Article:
Sexual violence in conflict: how international guidelines can help investigators

Sexual violence in conflict: how international guidelines can help investigators©UN Photo/Marie Frecho
Shelter for victims of sexual abuse in Goma, Democratic Republic of Congo, March 7, 2009
4 min 23Approximate reading time

Swiss NGO TRIAL International, a partner of JusticeInfo that supports victims of international crimes, is putting the spotlight on sexual violence in conflict at a series of events in Geneva on June 18-19 to mark its fifteenth anniversary. Among the participants is Danaé van der Straten Ponthoz, who has in particular worked with TRIAL and the UK Foreign & Commonwealth Office (FCO) Preventing Sexual Violence Initiative (PSVI), and is the co-author of the International Protocol on the Documentation and Investigation of Sexual Violence in Conflict (the “Protocol”). She spoke to JusticeInfo.

Justiceinfo: What is the Protocol?

Danaé van der Straten Ponthoz: Despite its name, the Protocol is not a legal instrument and it is not binding on states. It is basically a set of guidelines setting out best practice on how to document or investigate conflict and atrocity-related sexual violence. It is a practical tool to help national and international justice and human rights practitioners do their work in line with international standards, so that the evidence they collect can be used in court to support accountability and is gathered in a way that protects and empowers survivors.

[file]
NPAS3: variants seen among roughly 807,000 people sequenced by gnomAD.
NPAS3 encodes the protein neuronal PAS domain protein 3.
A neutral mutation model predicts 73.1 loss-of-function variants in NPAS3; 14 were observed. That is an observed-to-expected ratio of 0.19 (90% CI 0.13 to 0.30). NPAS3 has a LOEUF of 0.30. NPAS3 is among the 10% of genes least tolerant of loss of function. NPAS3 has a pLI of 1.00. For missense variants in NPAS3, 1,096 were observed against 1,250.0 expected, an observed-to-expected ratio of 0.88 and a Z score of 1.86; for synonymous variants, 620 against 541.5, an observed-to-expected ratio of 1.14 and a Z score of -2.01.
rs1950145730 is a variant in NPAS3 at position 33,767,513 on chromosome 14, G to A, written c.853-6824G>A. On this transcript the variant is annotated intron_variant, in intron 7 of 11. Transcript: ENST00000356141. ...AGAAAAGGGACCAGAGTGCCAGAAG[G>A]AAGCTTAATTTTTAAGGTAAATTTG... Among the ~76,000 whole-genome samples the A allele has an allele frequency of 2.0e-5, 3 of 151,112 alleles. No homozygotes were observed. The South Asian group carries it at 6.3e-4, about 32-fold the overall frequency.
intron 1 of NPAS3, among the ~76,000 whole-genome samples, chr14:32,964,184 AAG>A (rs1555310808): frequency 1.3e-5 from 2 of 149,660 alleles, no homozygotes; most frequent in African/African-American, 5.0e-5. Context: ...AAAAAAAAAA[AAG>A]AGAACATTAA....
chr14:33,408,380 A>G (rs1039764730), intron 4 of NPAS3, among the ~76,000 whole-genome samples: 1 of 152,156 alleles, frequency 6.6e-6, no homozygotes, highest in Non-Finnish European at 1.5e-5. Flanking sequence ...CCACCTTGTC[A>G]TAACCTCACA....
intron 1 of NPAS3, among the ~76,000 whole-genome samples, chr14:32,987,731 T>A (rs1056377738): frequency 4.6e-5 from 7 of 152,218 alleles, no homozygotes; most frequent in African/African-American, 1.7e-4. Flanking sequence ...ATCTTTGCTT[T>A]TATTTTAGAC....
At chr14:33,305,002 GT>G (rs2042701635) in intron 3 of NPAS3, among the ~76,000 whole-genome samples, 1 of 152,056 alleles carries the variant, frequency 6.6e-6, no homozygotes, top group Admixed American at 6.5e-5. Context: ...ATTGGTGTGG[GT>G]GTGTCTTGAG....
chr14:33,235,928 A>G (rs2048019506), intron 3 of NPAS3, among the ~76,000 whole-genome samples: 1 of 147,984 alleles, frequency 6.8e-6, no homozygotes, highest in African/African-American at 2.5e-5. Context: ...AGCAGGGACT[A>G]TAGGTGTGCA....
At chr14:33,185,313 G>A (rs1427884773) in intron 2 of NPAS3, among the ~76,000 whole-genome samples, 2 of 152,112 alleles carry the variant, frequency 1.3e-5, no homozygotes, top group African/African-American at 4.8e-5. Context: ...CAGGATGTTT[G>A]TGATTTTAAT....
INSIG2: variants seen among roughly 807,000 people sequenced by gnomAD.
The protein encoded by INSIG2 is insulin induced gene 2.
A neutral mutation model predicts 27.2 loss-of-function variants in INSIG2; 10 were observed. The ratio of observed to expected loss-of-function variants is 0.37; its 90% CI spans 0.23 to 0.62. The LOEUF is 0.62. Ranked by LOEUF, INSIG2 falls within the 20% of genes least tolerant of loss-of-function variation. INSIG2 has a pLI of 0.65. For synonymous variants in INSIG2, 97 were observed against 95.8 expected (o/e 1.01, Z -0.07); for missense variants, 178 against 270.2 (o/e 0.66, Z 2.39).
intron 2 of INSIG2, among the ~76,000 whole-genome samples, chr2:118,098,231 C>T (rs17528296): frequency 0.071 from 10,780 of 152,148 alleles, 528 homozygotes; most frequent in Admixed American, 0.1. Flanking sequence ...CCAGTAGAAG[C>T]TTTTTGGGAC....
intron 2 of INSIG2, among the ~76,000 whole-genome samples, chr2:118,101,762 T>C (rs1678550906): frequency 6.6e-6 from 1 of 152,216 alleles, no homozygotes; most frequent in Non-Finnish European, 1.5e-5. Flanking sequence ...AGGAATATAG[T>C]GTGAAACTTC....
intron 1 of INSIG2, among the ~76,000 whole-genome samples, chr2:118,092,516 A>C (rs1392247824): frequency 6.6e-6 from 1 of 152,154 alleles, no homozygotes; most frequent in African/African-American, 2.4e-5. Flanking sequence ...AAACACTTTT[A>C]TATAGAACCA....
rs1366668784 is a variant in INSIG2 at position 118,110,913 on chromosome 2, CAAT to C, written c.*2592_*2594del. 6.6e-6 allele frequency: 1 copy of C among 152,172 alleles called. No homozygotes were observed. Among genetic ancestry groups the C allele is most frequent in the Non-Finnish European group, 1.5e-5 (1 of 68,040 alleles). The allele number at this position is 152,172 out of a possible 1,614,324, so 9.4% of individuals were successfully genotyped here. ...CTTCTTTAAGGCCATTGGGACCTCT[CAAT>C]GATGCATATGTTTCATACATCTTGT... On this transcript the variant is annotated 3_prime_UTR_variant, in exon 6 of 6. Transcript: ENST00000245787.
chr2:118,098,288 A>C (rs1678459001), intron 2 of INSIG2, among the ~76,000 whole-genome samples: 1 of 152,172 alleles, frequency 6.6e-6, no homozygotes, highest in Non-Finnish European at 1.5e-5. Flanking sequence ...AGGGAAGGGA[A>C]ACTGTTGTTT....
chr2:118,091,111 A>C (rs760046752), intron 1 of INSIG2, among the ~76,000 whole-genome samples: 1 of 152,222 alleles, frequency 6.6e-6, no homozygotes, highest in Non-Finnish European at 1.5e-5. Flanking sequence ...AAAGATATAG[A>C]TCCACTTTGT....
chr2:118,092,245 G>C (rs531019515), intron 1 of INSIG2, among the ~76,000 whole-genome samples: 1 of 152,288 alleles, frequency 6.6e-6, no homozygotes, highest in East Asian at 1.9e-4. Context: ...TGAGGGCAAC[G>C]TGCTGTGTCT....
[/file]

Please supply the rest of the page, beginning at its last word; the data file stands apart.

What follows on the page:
Justiceinfo: I understand it focuses on sexual violence as an international crime. Is that correct?

Yes. It basically focuses on sexual violence as a war crime, a crime against humanity, an act of genocide or another gross human rights violation, such as torture. What is interesting is that the methodology we propose in the Protocol can support the documentation and investigation of all international crimes, such as methods around interviewing and the three main categories of information to collect to prove that a specific act amounts to an international crime. There are many chapters that are relevant whether you are documenting sexual violence or another international crime. The Protocol also contains specific guidance on the specific context, challenges and techniques required for interviewing and documenting conflict and atrocity-related sexual violence against children and male victims.

Justiceinfo: Why was the Protocol felt to be necessary?